Nearly 2,000 years ago, ancient Romans gathered at the Colosseum for the leading entertainment in their day: gladiator fights, wild animal hunts, and even public executions. With construction that began in 72 CE, the elaborately designed building featured a labyrinth of tunnels beneath the wooden, sand-covered floor. Humans and animals would traverse through the tunnels to emerge from underground into the arena, while staging areas, ramps, pulleys, ropes, and an underground elevator supported the surprising, suspenseful shows seen by the spectators aboveground.
Following the collapse of the Roman Empire, the Colosseum served different purposes over the years–a quarry, a fortress, and a convent–and fell into disrepair. In modern times, these underground structures are a tourist attraction, visited by millions each year with the underground structures now exposed to the open air amphitheater with a new, retractable floor that features replicas of trapdoors, lifts, and other elements from the Colosseum’s former glory. The restored arena will be used for concerts and theater productions.
While the Colosseum may be the ultimate concert or theater destination for many, standards bring music and performances to more accessible destinations for people all over the world. Many large arenas make use of bleachers, grandstands, and telescopic seating to accommodate large crowds and offer an unobstructed view for all.
ICC 300-2017, Standard for Bleachers, Folding, and Telescopic Seating and Grandstands establishes minimum requirements for the safe construction and use of these types of seating, including their structural strength, means of egress, stability, and safety. This American National Standard (ANS) was developed by the International Code Council (ICC), a member and accredited standards developer of the American National Standards Institute (ANSI).
When it comes to designing a space for musical performances, acoustics are a crucial consideration. Concert halls must be carefully engineered to avoid acoustic issues such as echoes and focusing, while supporting a uniform delivery of sound to all audience sections. ANSI member and accredited standards developer the Acoustical Society of America (ASA) has published many standards to guide the field of acoustics in areas ranging from musical venues to public warning devices to electric tools. One such standard is ANSI/ASA S1.1-2013 (R2020), Acoustical Terminology, which provides definitions for terms used in acoustics and electroacoustics. This ANS includes general terms from the fields of architectural acoustics, engineering acoustics, physical acoustics, physiological and psychological acoustics, sonics and ultrasonics, underwater sound, and music, as well as terms that apply to all branches of acoustics.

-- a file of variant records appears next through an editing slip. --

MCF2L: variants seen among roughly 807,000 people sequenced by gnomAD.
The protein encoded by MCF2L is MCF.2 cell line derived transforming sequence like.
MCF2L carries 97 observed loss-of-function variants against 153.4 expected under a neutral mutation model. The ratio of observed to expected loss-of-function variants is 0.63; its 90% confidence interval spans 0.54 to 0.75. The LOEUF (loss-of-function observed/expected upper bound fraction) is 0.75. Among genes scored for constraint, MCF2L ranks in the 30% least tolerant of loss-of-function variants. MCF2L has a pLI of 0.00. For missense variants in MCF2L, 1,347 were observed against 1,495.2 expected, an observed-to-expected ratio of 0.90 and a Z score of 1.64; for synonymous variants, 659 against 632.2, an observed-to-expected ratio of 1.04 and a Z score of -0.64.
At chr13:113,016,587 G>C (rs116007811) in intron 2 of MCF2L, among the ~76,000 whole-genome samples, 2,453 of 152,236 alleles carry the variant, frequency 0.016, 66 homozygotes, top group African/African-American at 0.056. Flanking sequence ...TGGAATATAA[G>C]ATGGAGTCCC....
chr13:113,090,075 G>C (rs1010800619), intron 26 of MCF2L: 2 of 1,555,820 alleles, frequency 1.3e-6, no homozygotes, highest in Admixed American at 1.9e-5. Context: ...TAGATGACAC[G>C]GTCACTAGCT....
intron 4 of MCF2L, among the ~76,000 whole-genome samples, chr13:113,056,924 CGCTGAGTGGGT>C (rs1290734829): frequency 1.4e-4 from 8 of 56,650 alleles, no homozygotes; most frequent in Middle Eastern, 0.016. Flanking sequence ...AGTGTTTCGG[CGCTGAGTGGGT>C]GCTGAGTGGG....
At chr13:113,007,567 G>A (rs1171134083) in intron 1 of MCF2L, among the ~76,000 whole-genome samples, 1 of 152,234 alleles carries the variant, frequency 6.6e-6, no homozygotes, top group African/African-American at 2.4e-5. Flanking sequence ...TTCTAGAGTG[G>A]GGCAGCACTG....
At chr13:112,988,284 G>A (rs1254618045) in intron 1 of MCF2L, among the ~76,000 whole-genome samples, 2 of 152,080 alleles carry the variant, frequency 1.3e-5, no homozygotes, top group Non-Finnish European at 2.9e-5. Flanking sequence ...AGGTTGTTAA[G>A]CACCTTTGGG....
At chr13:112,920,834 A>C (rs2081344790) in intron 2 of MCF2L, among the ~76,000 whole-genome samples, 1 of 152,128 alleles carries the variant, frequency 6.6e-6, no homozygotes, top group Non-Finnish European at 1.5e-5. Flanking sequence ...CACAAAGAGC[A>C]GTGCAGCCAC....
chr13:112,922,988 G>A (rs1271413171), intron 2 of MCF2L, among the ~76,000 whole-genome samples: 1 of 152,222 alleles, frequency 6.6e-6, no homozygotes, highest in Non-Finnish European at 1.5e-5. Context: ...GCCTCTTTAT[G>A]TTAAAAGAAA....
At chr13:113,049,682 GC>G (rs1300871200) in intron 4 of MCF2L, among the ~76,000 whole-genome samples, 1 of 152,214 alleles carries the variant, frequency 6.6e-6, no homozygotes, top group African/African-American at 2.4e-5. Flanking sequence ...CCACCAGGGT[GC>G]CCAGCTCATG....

For theatrical performances, visuals matter just as much as audio, so appropriate lighting is essential. IES DG-20-09, Stage Lighting: A Guide to the Planning of Theatres and Auditoriums, guides the specialized instruments used for illuminating a stage. The standard, developed by ANSI member and accredited standards developer the Illuminating Engineering Society (IES), offers specifications for the mounting positions, circuiting, and dimming system of the lighting apparatuses – typically tungsten-halogen lamps and flexible control equipment.
The ramps and pulleys systems of the ancient Colosseum were a sophisticated feat of engineering. Manually-operated systems to control theater equipment are still in use today, and their many advancements over the years are now guided by standards. ANSI E1.4-1-2016, Entertainment Technology – Manual Counterweight Rigging Systems, is a suite of documents that includes all permanently installed, manually operated systems of stage rigging hardware for the raising, lowering, and suspension of scenery, lighting, and similar loads, as well as variations of counterweight rigging. This ANS was developed by the Entertainment Services and Technology Association (ESTA), an ANSI member and accredited standards developer.
Read about the restoration plans for the Colosseum on the Smithsonian Magazine website, and learn more about the fascinating engineering and shocking performances of original structure in an earlier Smithsonian Magazine article.